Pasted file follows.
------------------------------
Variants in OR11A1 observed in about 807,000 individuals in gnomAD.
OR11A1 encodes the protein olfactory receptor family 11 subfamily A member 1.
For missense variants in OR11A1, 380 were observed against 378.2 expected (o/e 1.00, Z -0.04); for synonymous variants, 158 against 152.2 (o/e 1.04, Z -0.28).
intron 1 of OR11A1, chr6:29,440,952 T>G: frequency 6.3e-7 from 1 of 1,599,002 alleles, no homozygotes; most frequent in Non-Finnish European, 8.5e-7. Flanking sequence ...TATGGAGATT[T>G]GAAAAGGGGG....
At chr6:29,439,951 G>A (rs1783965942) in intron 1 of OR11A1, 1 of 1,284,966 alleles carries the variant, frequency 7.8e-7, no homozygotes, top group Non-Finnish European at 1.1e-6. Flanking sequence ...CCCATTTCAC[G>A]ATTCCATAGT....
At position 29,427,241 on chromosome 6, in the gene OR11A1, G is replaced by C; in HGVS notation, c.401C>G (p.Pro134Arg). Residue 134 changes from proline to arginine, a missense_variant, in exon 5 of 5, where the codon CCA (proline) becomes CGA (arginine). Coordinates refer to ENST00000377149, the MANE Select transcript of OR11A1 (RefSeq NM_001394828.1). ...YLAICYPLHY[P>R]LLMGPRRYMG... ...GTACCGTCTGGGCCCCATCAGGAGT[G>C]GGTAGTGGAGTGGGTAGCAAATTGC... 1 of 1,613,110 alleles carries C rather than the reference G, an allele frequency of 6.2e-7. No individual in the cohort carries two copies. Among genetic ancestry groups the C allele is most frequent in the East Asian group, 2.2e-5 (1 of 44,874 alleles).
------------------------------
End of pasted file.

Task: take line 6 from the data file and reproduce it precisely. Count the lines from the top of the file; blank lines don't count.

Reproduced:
At position 29,427,241 on chromosome 6, in the gene OR11A1, G is replaced by C; in HGVS notation, c.401C>G (p.Pro134Arg). Residue 134 changes from proline to arginine, a missense_variant, in exon 5 of 5, where the codon CCA (proline) becomes CGA (arginine). Coordinates refer to ENST00000377149, the MANE Select transcript of OR11A1 (RefSeq NM_001394828.1). ...YLAICYPLHY[P>R]LLMGPRRYMG... ...GTACCGTCTGGGCCCCATCAGGAGT[G>C]GGTAGTGGAGTGGGTAGCAAATTGC... 1 of 1,613,110 alleles carries C rather than the reference G, an allele frequency of 6.2e-7. No individual in the cohort carries two copies. Among genetic ancestry groups the C allele is most frequent in the East Asian group, 2.2e-5 (1 of 44,874 alleles).